Q: Do you need to find a common denominator when you multiply fractions why or why not?

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You Ned to find a larger common denominator or multiply the denominators to gain a common denominator.

It helps to find a common denominator and multiply both sides of the inequality by this common denominator. That way, you have an inequality without fractions.

multiply the two denominators

no. you can multiply straight across in fraction multiplication

You have to find a common denominator, multiply them, subtract them and then simplify if you need to.

Pick two of the fractions and find the Least Common Multiple of those two denominators. Then take that number, and find the Least Common Multiple between that and the third denominator. This number will be the Least Common Denominator between the three fractions.If you don't care to find the Least common denominator, then just take the three denominators, and multiply them together.

find a common denominator. multiply the top and bottom by it. then you can combine the numerators over the same denominator

Option 1: Find a common denominator for the two fractions. It need not be the least common denominator; for example, for two fractions, if you just multiply the two denominators, you get a common denominator. Convert all the fractions to the common denominator. Then you can compare. Option 2: Convert each fraction to decimal, by dividing the numerator by the denominator. Then you can compare the decimals.

Multiplying fractions is quite different from adding them. You just multiply the numberators and the denominators separately. You can find the common denominator if you like, but in the end (after simplifying), you'll get the same result, and the additional work of finding the common denominator and converting the fractions turns out to be unnecessary. Try it out for some fractions!

First, find a common denominator for the two (or more) fractions. Then, for each fraction, multiply numerator and denominator by the same number (different numbers for different fractions, though), to convert to the common denominator.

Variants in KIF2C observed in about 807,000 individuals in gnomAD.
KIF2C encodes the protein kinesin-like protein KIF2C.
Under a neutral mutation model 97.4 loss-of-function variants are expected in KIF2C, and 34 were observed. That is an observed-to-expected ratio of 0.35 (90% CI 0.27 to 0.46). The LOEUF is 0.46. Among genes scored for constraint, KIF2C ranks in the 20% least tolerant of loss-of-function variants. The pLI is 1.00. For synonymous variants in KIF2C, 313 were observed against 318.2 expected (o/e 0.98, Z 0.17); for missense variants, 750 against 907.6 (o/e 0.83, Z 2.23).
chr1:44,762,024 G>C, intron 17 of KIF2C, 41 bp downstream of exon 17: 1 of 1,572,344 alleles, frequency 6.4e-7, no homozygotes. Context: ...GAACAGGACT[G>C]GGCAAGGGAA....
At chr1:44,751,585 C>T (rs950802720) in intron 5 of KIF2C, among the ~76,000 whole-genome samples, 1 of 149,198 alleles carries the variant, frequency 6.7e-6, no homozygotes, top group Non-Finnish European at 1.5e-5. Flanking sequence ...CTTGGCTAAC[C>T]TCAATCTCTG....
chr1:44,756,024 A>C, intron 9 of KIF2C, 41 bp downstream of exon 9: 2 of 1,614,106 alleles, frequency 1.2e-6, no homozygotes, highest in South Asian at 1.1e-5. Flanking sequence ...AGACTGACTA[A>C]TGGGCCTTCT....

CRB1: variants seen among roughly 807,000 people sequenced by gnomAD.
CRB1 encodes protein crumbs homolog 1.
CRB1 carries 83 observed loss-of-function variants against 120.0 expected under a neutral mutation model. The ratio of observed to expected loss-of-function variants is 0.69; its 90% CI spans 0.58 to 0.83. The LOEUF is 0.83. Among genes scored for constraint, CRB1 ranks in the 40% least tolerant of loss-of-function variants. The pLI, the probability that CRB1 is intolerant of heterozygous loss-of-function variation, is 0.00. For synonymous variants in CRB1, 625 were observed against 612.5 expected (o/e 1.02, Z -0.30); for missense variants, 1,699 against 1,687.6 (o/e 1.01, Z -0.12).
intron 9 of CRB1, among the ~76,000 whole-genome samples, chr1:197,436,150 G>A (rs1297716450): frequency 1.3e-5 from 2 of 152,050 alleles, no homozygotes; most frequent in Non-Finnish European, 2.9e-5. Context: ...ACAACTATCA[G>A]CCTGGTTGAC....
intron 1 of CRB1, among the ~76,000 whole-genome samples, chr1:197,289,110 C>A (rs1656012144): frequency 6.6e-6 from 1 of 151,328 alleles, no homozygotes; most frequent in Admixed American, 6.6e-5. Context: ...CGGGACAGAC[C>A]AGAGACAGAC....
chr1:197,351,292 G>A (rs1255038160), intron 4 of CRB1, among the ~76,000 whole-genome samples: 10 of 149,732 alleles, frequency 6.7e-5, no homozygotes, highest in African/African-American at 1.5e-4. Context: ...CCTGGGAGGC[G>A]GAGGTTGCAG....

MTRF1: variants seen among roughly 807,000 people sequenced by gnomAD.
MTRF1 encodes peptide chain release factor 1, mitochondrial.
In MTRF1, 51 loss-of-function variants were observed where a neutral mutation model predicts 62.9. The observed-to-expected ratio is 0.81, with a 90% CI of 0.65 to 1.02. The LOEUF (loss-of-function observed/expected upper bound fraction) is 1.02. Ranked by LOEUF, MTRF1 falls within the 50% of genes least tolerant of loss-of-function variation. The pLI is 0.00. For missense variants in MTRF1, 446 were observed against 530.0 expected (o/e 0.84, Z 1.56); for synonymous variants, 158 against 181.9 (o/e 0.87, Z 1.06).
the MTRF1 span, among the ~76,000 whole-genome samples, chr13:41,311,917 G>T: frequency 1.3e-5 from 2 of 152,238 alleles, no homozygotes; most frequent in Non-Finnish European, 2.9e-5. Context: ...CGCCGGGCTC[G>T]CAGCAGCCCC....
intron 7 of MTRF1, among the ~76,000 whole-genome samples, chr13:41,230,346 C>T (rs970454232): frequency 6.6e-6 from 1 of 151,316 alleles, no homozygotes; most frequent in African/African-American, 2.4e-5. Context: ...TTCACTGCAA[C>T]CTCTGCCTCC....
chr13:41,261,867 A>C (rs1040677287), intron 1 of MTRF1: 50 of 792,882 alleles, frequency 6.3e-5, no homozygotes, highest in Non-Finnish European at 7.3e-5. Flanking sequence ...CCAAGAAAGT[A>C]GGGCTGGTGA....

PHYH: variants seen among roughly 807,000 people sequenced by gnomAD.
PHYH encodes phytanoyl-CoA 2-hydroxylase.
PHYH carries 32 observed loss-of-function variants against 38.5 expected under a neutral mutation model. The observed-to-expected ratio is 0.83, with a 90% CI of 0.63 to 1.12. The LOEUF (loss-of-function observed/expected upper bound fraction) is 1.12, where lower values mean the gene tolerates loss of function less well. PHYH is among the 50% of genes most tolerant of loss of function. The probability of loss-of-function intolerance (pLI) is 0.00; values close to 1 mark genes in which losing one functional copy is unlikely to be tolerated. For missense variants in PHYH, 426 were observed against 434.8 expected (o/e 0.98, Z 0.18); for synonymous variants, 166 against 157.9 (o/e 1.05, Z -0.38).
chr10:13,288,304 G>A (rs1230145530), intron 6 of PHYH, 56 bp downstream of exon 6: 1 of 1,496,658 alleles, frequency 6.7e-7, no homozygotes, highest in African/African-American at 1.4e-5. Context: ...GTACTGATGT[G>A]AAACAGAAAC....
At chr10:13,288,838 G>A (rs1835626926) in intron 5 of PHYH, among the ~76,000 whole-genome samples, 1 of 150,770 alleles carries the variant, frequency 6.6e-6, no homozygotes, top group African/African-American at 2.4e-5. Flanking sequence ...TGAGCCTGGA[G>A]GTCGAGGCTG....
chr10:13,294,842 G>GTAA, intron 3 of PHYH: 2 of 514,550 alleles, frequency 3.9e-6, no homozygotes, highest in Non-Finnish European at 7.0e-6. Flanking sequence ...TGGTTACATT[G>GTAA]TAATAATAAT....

Addition or subtraction of fractions require "like" fractions: that is, fractions with the same denominator.

No. Fractions don't need the same denominator in order to multiply them. The numerator of their product is simply the product of their numerators, and the denominator of their product is just the product of their denominators.

Assuming the fractions are "normalized" (the fractional part is less than 1): First compare the integer part. If the integer part is the same, you need to compare the fractions. If the denominator of the fractions is different, you have to convert to a common denominator. The simplest way to find a common denominator is to multiply both denominators (i.e., you don't need the LEAST common denominator - any common denominator will do).

You first convert them to similar fractions, i.e., to fractions that have the same denominator.* Step one: find a common denominator.* Step two: convert both fractions to equivalent fractions that have that denominator.

When comparing fractions you must find a common denominator; by finding the least common denominator it will keep the numbers (numerators and denominator) smaller .

Example: 2/3 and 3/4 The LCD of 3 and 4 is 12. Multiply the numerator and the denominator of 2/3 by 4 to make 8/12 Multiply the numerator and the denominator of 3/4 by 3 to make 9/12

You do nowt

no

To compare two fractions, find a common denominator, then convert each fraction to equivalent fractions with that common denominator. Finally, you compare the numerators. 5/6

In order to add fractions, they must have the same denominators. If the fractions you wish to add do not already have the same denominators, they can be made to do so by finding the right number by which to multiply both the numerator and the denominator of each fraction. To find this number, multiply all the distinct denominators together, then multiply both the numerator and denominator of each fraction by a number found by the dividing the product of the distinct denominators by the denominator of the particular fraction concerned. All the fractions will then have the same denominator. Add the numerators of such fractions together to find the numerator of the sum; its denominator will be the one common to all the fractions.

You must find a common denominator. You figure out the smallest number that all of your denominators are divisible by. If you have to multiply the denominators by 2, you must multiply the numerators by 2, then add the numerators together, and write above the common denominator. If you have to multiply one denominator to equal the other denominator, then you must multiply the numerator above that denominator, and finally add up the numerators and place above the common denominator. Then reduce the answer to its smallest fraction.

A common denominator. The best way is to find the LCM (Lowest Common Multiple) of all the denominators - the smallest number into which all the denominators will divide. (The easiest way to do this is to multiply all the different denominators together. Once this common denominator has been found, convert all the fractions into equivalent fractions with this new denominator.

No.

If the denominators are not the same, then you have to use equivalent fractions which do have a common denominator . To do this, you need to find the least common multiple (LCM) of the two denominators. To add fractions with unlike denominators, rename the fractions with a common denominator. Then add and simplify.

Many places, but a common one is in adding fractions where we find a common denominator.